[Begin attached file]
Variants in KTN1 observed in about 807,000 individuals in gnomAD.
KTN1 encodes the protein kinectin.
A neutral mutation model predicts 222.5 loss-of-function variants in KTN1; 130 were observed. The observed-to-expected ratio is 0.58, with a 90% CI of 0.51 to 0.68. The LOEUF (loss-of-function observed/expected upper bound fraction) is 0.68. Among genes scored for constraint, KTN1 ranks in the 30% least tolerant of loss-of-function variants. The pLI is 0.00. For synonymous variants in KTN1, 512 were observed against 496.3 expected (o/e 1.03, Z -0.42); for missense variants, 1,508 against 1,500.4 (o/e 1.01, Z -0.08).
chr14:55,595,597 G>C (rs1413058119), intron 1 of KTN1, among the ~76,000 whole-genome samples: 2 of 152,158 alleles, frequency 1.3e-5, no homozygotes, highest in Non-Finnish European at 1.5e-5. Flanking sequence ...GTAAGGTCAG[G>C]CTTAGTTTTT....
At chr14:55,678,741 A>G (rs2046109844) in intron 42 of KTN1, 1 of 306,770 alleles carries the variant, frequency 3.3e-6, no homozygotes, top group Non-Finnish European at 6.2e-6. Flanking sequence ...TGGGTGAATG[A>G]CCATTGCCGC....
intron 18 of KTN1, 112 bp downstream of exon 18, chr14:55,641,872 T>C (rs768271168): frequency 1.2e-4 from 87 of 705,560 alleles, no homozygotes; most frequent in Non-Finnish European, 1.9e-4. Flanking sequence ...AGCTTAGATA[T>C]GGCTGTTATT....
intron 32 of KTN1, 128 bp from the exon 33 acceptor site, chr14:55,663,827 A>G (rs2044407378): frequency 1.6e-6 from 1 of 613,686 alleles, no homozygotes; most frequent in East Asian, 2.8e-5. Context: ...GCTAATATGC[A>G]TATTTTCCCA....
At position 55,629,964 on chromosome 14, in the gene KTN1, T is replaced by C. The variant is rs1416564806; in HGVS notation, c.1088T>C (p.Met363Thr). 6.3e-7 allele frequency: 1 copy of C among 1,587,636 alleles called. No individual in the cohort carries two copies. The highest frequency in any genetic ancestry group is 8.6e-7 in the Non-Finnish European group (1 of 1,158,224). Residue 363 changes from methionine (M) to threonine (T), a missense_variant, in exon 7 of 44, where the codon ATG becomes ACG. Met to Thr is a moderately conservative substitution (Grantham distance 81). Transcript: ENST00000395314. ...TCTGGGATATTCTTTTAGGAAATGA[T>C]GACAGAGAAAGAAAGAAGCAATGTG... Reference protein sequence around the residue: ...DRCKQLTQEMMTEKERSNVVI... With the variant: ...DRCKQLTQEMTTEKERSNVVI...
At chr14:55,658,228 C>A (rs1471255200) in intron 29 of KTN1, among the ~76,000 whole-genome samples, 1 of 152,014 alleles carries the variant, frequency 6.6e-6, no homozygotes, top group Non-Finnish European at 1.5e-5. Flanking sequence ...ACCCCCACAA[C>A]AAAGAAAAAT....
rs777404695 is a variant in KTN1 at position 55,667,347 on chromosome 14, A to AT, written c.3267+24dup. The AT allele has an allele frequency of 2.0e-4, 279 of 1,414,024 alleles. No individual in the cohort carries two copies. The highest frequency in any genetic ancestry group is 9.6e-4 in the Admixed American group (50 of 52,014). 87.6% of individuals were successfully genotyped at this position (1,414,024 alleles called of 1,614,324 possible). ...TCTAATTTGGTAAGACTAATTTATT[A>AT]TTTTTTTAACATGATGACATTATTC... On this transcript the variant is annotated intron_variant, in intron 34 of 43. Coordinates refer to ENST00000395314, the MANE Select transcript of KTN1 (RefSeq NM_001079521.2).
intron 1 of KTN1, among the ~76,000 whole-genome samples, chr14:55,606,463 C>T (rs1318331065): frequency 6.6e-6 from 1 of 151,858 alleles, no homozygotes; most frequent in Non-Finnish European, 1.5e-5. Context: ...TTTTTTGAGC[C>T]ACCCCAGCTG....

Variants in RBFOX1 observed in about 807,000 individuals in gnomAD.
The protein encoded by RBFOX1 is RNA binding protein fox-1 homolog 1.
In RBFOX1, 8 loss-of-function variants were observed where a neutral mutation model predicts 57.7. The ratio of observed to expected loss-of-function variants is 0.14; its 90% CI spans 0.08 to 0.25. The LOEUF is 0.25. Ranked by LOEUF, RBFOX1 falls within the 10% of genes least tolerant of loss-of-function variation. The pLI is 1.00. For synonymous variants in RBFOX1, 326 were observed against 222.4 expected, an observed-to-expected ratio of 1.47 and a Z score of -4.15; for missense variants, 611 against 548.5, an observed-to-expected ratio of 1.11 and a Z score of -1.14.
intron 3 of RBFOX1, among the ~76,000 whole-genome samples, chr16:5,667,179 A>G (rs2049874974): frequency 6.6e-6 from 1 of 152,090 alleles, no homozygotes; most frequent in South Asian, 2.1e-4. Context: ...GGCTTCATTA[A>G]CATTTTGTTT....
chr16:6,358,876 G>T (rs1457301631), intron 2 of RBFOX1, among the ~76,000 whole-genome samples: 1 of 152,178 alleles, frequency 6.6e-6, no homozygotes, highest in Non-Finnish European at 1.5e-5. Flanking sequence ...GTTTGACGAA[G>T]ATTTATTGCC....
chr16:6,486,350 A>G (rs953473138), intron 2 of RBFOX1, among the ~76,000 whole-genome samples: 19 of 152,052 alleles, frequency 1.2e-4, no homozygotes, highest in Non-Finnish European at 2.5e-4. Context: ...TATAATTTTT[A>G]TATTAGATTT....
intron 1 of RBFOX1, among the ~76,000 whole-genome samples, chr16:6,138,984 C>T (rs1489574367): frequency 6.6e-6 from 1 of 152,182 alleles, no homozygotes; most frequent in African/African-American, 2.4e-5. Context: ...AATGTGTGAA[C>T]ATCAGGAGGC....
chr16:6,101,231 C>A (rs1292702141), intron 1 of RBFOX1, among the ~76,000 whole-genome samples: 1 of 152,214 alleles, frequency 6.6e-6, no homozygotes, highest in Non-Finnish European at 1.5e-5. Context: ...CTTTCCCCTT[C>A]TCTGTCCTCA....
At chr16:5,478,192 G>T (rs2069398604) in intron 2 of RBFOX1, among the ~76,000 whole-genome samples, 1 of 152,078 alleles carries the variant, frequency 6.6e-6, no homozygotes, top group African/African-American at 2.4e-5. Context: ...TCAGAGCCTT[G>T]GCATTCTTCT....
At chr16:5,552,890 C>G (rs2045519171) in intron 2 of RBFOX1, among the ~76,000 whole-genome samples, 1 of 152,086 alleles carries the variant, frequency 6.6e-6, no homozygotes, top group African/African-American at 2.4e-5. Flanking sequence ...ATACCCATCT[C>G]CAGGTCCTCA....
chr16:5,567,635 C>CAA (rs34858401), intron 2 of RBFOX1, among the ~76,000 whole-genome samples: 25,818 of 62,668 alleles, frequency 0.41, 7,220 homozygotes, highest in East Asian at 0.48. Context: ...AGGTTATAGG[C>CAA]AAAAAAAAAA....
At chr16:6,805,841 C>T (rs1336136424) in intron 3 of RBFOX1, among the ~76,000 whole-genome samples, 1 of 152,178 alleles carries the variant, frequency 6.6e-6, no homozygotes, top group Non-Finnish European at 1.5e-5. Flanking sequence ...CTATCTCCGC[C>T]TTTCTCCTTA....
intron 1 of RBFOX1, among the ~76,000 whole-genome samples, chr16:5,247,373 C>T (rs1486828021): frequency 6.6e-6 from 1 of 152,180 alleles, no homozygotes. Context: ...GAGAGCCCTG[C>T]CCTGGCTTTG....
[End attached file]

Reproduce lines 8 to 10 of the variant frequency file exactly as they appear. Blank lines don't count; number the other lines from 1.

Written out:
At position 55,629,964 on chromosome 14, in the gene KTN1, T is replaced by C. The variant is rs1416564806; in HGVS notation, c.1088T>C (p.Met363Thr). 6.3e-7 allele frequency: 1 copy of C among 1,587,636 alleles called. No individual in the cohort carries two copies. The highest frequency in any genetic ancestry group is 8.6e-7 in the Non-Finnish European group (1 of 1,158,224). Residue 363 changes from methionine (M) to threonine (T), a missense_variant, in exon 7 of 44, where the codon ATG becomes ACG. Met to Thr is a moderately conservative substitution (Grantham distance 81). Transcript: ENST00000395314. ...TCTGGGATATTCTTTTAGGAAATGA[T>C]GACAGAGAAAGAAAGAAGCAATGTG... Reference protein sequence around the residue: ...DRCKQLTQEMMTEKERSNVVI... With the variant: ...DRCKQLTQEMTTEKERSNVVI...
At chr14:55,658,228 C>A (rs1471255200) in intron 29 of KTN1, among the ~76,000 whole-genome samples, 1 of 152,014 alleles carries the variant, frequency 6.6e-6, no homozygotes, top group Non-Finnish European at 1.5e-5. Flanking sequence ...ACCCCCACAA[C>A]AAAGAAAAAT....
rs777404695 is a variant in KTN1 at position 55,667,347 on chromosome 14, A to AT, written c.3267+24dup. The AT allele has an allele frequency of 2.0e-4, 279 of 1,414,024 alleles. No individual in the cohort carries two copies. The highest frequency in any genetic ancestry group is 9.6e-4 in the Admixed American group (50 of 52,014). 87.6% of individuals were successfully genotyped at this position (1,414,024 alleles called of 1,614,324 possible). ...TCTAATTTGGTAAGACTAATTTATT[A>AT]TTTTTTTAACATGATGACATTATTC... On this transcript the variant is annotated intron_variant, in intron 34 of 43. Coordinates refer to ENST00000395314, the MANE Select transcript of KTN1 (RefSeq NM_001079521.2).